2295. Donor CMV Serostatus and Dose Adjustments in CMV Prophylaxis Increase CMV Infection Risk after Lung Transplantation
Session: Poster Abstract Session: Transplants: CMV and Transplantation
Saturday, October 29, 2016
Room: Poster Hall

Background: Although the risk of CMV reactivation after lung transplantation can be reduced by prophylaxis, the optimal prophylactic strategy has not been established.

Methods: We performed a cohort analysis of our 198 lung transplant recipients at Brigham and Women's Hospital from 1/08  - 12/14 to identify risk factors for CMV infection, using Cox proportional hazards models.

Results: Median age was 60 years (IQR 51, 65) and 125 (63%) were female.  Most common indications for lung transplant were interstitial lung disease (105, 53%), cystic fibrosis (29, 15%) and COPD (28, 14%). Median duration of CMV prophylaxis was 260 days (IQR 176, 378). CMV viremia developed in 36 patients (18%), 9 of whom also had CMV disease. CMV+ donor status (Figure 1, logrank p <0.001) and dose reduction of CMV prophylaxis due to renal impairment (Figure 2, logrank p 0.0009) were associated increased risk of CMV, while CMV prophylaxis, modeled as a time-varying covariate, was associated with a reduced risk of CMV, in univariable and multivariable models (Table). Among patients with CMV+ donors, risk of CMV viremia was independent of recipient CMV status. Six patients developed CMV viremia while receiving prophylaxis; 4 of whom had preceding reductions in valganciclovir dosing due to renal impairment. Three patients developed ganciclovir-resistant CMV infections; 2 of whom had a valganciclovir dose reduction due to renal dysfunction prior to development of resistance. CMV voremia was not associated with subsequent development of chronic lung allograft dysfunction or increased risk of death.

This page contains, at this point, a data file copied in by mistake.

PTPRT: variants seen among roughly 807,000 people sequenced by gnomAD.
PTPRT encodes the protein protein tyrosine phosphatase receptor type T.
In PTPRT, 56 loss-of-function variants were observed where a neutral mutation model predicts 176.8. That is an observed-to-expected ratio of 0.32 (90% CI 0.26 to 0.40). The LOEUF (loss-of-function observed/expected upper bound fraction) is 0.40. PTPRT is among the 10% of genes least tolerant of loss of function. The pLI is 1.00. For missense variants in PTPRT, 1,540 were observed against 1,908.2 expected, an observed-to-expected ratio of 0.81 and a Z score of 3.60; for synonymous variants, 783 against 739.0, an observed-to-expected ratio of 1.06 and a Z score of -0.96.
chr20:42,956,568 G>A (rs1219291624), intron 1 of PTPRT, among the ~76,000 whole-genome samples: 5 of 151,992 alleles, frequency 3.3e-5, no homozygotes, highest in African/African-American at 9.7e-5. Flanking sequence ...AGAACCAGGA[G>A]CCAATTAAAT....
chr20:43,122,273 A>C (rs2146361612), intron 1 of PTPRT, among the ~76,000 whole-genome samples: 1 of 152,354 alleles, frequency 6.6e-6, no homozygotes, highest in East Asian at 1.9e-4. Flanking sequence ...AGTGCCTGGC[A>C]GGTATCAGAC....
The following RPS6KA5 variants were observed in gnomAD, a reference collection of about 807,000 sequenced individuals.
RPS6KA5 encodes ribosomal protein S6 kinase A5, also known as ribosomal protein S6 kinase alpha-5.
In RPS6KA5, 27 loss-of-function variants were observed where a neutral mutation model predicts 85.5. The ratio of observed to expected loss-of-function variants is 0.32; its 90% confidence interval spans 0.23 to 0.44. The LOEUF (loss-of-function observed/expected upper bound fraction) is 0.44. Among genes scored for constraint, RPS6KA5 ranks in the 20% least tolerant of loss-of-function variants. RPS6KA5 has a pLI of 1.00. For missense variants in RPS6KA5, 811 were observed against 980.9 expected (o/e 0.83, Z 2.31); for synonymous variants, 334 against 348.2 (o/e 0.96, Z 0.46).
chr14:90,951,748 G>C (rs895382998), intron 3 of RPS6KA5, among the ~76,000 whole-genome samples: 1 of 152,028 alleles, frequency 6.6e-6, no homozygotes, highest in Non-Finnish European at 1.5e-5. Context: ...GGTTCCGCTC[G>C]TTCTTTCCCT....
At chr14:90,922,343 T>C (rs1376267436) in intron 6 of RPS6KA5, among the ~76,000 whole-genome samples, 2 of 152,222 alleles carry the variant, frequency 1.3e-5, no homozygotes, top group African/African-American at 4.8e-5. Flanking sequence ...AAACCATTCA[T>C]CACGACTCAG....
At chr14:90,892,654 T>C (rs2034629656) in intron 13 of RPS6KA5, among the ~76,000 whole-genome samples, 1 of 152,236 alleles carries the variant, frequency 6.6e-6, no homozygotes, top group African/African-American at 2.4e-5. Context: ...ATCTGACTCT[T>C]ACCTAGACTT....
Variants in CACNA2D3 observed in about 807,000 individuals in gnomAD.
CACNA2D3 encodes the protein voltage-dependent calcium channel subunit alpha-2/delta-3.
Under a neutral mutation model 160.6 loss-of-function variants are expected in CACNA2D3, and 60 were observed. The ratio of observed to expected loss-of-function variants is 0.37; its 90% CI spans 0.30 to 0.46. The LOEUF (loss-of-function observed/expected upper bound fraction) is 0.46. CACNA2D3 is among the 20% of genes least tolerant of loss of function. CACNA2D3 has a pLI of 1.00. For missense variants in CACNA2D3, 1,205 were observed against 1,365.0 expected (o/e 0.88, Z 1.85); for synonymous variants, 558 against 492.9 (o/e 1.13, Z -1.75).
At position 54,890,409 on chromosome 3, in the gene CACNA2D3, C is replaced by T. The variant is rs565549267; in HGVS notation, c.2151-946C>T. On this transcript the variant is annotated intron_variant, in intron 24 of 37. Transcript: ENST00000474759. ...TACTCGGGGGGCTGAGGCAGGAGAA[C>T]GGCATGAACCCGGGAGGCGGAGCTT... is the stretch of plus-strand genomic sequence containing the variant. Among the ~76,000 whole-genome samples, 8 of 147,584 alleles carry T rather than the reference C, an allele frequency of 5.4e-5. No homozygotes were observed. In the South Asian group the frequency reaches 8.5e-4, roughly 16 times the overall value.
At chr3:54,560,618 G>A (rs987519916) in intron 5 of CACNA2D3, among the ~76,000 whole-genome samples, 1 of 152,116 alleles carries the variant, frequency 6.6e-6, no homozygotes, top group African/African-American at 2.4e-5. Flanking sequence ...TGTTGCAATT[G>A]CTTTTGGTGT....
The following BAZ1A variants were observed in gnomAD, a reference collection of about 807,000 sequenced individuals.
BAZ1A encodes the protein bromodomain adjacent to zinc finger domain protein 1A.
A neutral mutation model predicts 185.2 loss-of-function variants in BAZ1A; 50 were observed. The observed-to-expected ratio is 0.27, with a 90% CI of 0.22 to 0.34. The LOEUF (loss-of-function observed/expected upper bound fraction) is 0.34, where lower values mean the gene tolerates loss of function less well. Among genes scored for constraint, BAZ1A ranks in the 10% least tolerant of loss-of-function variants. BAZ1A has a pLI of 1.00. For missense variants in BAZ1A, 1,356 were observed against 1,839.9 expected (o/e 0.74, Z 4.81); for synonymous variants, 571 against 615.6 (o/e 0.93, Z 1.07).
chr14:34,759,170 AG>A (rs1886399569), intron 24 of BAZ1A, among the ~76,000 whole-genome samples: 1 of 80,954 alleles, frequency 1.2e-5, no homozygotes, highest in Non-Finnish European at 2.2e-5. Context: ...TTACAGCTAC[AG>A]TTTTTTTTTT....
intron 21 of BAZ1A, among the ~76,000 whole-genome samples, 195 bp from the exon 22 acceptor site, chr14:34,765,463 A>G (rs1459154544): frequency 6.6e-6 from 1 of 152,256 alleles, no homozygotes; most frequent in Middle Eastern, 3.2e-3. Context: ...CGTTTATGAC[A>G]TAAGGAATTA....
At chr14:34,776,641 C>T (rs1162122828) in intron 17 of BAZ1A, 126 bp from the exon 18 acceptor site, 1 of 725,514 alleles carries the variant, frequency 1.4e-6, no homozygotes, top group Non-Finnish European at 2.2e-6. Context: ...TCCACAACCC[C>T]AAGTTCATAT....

Conclusion: Donor CMV serostatus and CMV prophylaxis dose adjustments due to renal dysfunction were associated with higher rates of CMV infection, even after adjusting for time-varying exposure to herpesvirus prophylaxis. These patients may benefit from closer surveillance for CMV reactivation and monitoring of serum ganciclovir levels to ensure adequate dosing.

Univariable Hazard Ratio (HR) (95% CI), p-value

Multivariable HR

(95% CI), p-value

CMV D+ status

6.6 (2.8, 15.9), <0.001

9.4 (3.8, 23.3), <0.001

CMV prophylaxis dose reduction due to renal impairment

2.9 (1.4, 6.0), 0.004

2.8 (1.3, 6.2), 0.009

CMV prophylaxis

0.098 (0.04, 0.27), <0.001

0.046 (0.017, 0.13), <0.001

Table


Figure 1

Figure 2

Jeffrey B. Doyon, MD, PhD1, Alicia Galar, PharmD, PhD2, Jessica M. Stempel, MD2, Francisco M. Marty, MD, FIDSA2, Hilary J. Goldberg, MD3 and Sophia Koo, MD2, (1)Department of Medicine, Brigham and Women's Hospital, Boston, MA, (2)Division of Infectious Diseases, Brigham and Women's Hospital, Boston, MA, (3)Pulmonary Medicine, Brigham and Women's Hospital, Boston, MA

Disclosures:

J. B. Doyon, None

A. Galar, None

J. M. Stempel, None

F. M. Marty, None

H. J. Goldberg, None

S. Koo, None

Findings in the abstracts are embargoed until 12:01 a.m. CDT, Wednesday Oct. 26th with the exception of research findings presented at the IDWeek press conferences.